Have you ever paused and wondered how much time you spend taking care of yourself? The Mental Health Foundation revealed that 71% of carers experience poor physical or mental health. While it’s a huge responsibility to look after your loved one’s well-being, it’s also important that you give equal importance to your own mental and physical health.
You can support yourself, as well as the person you look after, through mindfulness practices. This will encourage you to improve your mental health and well-being by managing your thoughts, emotions, and body. Here are some steps that can help you to feel calmer, more grounded, and more able to manage stress and emotional difficulty.
Practise Deep Breathing
Pause and relax by taking slow, deep breaths. BBC points out that quick, shallow, and unfocused breathing can foster anxiety, depression, and high blood pressure. But when you’re aware of your own breathing, you’ll induce a relaxing sensation both in the brain and the body.
Whenever you feel stressed or tense, you can calm yourself down by focusing on your breath. Start by inhaling slowly through your nose until you can feel your chest and your belly rising. Afterwards, take your time as you exhale the air through your mouth. Repeat this short and simple process until you’re good to go!
Make Yourself Comfortable While Caring for Others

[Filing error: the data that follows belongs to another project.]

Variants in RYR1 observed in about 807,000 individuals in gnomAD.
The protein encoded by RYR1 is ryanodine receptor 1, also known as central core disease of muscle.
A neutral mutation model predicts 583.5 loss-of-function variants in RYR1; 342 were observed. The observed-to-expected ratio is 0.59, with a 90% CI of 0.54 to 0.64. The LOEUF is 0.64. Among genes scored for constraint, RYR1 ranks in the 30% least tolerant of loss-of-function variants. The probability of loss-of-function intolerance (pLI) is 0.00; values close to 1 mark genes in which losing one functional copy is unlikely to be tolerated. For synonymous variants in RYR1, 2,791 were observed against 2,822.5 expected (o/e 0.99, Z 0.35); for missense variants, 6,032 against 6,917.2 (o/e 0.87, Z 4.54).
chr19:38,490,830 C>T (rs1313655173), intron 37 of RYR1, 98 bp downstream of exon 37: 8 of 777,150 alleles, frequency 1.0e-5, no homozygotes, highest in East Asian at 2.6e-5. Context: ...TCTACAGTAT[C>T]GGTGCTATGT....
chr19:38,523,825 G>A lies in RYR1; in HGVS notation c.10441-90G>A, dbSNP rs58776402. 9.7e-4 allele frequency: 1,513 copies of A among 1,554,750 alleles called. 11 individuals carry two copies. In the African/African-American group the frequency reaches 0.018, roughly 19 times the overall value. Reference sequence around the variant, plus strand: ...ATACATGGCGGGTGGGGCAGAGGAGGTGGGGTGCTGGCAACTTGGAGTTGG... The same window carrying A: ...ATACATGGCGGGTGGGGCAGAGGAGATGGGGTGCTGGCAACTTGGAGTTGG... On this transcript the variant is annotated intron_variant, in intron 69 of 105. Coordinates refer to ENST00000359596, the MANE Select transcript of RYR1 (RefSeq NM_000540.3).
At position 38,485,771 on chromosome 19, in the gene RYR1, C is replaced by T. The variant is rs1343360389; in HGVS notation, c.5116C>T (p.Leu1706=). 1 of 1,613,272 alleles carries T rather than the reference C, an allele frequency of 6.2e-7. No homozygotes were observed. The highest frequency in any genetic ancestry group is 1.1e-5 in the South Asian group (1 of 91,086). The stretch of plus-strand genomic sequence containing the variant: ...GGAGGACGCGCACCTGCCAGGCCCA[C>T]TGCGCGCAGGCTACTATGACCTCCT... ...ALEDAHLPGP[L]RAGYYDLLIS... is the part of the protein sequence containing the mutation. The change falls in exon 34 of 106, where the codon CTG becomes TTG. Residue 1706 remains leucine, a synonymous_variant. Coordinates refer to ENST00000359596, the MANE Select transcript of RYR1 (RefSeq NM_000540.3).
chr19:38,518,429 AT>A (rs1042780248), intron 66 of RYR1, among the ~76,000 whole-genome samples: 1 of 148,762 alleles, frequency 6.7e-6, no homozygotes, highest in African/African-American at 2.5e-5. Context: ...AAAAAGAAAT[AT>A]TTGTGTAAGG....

You are on your feet most of the day to carry out tasks and properly cater to your loved one. You also need to exert a lot of physical strength to assist an elderly parent or push a wheelchair. It’s no surprise that after a long hard day, carers like you feel a lot of aches and pains all over your bodies.
With the right tools, you can relieve pain and feel comfortable while caring for others. For instance, you can rest on an ergonomic chair while guarding a resting loved one or feeding them during mealtime. According to Pain Free Working, these chairs can reduce physical pain and lessen the risk of getting injured, since you will need to be in good shape to care for others. Furthermore, a good pair of shoes can provide you support while you’re working on your feet. There are lots of trainers that are designed for comfort, such as this one from Nike. Products like these will soothe your body and prevent pain while you’re looking after others, at the same time!
Focus on One Task at a Time
Carers handle a huge responsibility, and this may make you feel overwhelmed and stressed with your tasks. You may feel inclined to multi-task so you can finish everything quickly. But a distracted and rushed mind will only diminish the quality of the support you can potentially give.
You can gain better control over your tasks by being mindful of your actions. To achieve this, you need to give your full attention to one task at a time! You can also create a schedule so that you can properly allocate your time to each activity.
Dedicate Time for Self-Care
You may feel inclined to focus all of your energy on others and forget to allocate time for the things you enjoy. Though caring is rewarding, we at Harrow Carers believe that you will feel most fulfilled when you have also taken enough time to care for yourself.
Self-care can be anything from taking a long, relaxing bath at night or getting a massage. It can also be just taking a few minutes of your day to read a book or knit! Just simply make time for at least one thing that brings you joy.
The practice of mindfulness teaches people to manage their stress by focusing on what they can sense and control in the present moment. Through these four practices, you can give yourself the love and support that you deserve.
Specially written for harrowcarers.org by Bridget Jennings